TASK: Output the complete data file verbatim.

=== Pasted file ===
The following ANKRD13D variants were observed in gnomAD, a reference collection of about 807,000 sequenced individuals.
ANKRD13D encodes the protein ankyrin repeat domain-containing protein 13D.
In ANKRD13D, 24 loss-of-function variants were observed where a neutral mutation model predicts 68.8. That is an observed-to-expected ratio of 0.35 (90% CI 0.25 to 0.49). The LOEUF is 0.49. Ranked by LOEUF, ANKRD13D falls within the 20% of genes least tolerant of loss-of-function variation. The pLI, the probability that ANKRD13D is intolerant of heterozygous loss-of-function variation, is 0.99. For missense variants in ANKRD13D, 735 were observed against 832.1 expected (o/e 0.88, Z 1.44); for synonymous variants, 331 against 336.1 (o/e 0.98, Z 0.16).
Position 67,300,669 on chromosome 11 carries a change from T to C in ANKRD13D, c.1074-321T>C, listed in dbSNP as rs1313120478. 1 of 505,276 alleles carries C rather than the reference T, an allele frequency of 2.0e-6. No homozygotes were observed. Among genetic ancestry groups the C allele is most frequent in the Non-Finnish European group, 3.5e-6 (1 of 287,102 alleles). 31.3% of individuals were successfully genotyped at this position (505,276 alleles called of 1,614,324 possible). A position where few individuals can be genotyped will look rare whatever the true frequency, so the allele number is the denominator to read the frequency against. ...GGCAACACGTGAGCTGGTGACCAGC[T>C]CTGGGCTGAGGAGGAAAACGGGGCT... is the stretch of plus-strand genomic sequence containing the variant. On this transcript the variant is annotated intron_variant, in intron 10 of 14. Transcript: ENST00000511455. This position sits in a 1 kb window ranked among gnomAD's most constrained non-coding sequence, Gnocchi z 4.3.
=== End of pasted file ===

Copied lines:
The following ANKRD13D variants were observed in gnomAD, a reference collection of about 807,000 sequenced individuals.
ANKRD13D encodes the protein ankyrin repeat domain-containing protein 13D.
In ANKRD13D, 24 loss-of-function variants were observed where a neutral mutation model predicts 68.8. That is an observed-to-expected ratio of 0.35 (90% CI 0.25 to 0.49). The LOEUF is 0.49. Ranked by LOEUF, ANKRD13D falls within the 20% of genes least tolerant of loss-of-function variation. The pLI, the probability that ANKRD13D is intolerant of heterozygous loss-of-function variation, is 0.99. For missense variants in ANKRD13D, 735 were observed against 832.1 expected (o/e 0.88, Z 1.44); for synonymous variants, 331 against 336.1 (o/e 0.98, Z 0.16).
Position 67,300,669 on chromosome 11 carries a change from T to C in ANKRD13D, c.1074-321T>C, listed in dbSNP as rs1313120478. 1 of 505,276 alleles carries C rather than the reference T, an allele frequency of 2.0e-6. No homozygotes were observed. Among genetic ancestry groups the C allele is most frequent in the Non-Finnish European group, 3.5e-6 (1 of 287,102 alleles). 31.3% of individuals were successfully genotyped at this position (505,276 alleles called of 1,614,324 possible). A position where few individuals can be genotyped will look rare whatever the true frequency, so the allele number is the denominator to read the frequency against. ...GGCAACACGTGAGCTGGTGACCAGC[T>C]CTGGGCTGAGGAGGAAAACGGGGCT... is the stretch of plus-strand genomic sequence containing the variant. On this transcript the variant is annotated intron_variant, in intron 10 of 14. Transcript: ENST00000511455. This position sits in a 1 kb window ranked among gnomAD's most constrained non-coding sequence, Gnocchi z 4.3.